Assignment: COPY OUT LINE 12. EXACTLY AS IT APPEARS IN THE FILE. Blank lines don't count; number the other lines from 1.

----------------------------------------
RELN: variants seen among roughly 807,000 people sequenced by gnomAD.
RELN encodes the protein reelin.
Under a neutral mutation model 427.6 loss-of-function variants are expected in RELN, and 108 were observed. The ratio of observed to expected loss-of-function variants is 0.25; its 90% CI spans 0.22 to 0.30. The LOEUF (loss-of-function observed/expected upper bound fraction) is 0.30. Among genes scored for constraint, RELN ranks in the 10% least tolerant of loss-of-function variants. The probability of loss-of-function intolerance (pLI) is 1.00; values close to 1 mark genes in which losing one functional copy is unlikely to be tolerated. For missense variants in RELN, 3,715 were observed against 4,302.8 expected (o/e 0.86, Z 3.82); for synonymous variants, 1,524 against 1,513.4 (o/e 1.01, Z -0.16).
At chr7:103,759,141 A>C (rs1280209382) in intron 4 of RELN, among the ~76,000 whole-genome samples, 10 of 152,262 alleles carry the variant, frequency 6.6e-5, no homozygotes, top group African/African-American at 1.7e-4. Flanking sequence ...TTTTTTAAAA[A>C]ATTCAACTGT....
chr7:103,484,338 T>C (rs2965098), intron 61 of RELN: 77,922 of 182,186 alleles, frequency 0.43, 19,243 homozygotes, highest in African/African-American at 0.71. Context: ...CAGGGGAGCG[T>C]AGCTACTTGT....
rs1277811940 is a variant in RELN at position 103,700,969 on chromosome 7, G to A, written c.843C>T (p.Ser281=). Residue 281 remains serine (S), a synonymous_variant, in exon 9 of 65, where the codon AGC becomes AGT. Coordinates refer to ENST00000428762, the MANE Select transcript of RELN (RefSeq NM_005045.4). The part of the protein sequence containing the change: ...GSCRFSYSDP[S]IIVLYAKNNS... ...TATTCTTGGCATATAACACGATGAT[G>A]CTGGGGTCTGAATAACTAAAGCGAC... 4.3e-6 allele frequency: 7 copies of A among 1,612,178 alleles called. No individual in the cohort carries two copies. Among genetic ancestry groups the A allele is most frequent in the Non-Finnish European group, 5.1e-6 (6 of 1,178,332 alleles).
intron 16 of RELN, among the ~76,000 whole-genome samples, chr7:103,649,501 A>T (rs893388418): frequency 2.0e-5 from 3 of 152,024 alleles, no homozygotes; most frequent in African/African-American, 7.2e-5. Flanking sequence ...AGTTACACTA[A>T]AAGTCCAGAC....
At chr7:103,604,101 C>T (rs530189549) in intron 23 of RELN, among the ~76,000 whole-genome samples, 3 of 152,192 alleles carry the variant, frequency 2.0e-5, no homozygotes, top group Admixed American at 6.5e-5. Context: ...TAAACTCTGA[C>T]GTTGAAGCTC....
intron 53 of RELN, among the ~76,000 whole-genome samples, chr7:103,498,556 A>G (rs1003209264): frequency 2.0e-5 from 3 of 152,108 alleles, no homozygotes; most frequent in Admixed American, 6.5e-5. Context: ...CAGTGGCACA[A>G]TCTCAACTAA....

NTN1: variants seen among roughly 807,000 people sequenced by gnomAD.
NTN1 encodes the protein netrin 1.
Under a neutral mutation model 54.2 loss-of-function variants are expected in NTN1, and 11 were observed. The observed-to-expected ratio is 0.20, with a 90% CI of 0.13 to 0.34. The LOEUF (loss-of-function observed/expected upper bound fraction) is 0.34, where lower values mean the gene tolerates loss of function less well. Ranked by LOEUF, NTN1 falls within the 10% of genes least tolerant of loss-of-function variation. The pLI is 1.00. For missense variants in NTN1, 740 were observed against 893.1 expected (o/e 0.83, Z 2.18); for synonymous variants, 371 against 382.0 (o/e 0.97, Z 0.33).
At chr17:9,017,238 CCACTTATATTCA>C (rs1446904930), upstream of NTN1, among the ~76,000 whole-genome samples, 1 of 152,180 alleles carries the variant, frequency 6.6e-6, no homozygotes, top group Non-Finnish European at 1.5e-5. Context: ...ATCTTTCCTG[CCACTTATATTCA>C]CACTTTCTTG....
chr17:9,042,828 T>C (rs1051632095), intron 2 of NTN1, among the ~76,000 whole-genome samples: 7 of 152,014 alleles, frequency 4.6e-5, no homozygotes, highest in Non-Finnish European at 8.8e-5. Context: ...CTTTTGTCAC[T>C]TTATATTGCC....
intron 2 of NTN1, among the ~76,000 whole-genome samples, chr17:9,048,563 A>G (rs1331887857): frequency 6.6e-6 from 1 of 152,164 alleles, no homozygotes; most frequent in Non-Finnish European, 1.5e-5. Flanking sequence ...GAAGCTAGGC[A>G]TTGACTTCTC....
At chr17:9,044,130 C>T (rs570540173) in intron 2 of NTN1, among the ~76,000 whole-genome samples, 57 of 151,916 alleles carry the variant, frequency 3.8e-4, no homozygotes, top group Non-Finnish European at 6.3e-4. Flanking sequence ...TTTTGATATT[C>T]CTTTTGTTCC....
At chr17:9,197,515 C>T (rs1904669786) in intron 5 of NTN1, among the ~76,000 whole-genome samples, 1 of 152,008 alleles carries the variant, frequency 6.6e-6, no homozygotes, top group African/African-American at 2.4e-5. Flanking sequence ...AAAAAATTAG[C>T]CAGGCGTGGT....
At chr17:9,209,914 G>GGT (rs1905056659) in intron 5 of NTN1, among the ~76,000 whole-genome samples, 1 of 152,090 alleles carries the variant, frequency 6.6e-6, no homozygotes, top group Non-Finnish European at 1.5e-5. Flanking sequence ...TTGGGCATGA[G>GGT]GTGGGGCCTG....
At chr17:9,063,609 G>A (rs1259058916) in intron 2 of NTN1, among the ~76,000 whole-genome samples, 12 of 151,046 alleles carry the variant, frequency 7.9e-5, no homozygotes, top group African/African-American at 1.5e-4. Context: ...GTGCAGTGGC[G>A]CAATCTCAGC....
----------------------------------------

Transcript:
Under a neutral mutation model 54.2 loss-of-function variants are expected in NTN1, and 11 were observed. The observed-to-expected ratio is 0.20, with a 90% CI of 0.13 to 0.34. The LOEUF (loss-of-function observed/expected upper bound fraction) is 0.34, where lower values mean the gene tolerates loss of function less well. Ranked by LOEUF, NTN1 falls within the 10% of genes least tolerant of loss-of-function variation. The pLI is 1.00. For missense variants in NTN1, 740 were observed against 893.1 expected (o/e 0.83, Z 2.18); for synonymous variants, 371 against 382.0 (o/e 0.97, Z 0.33).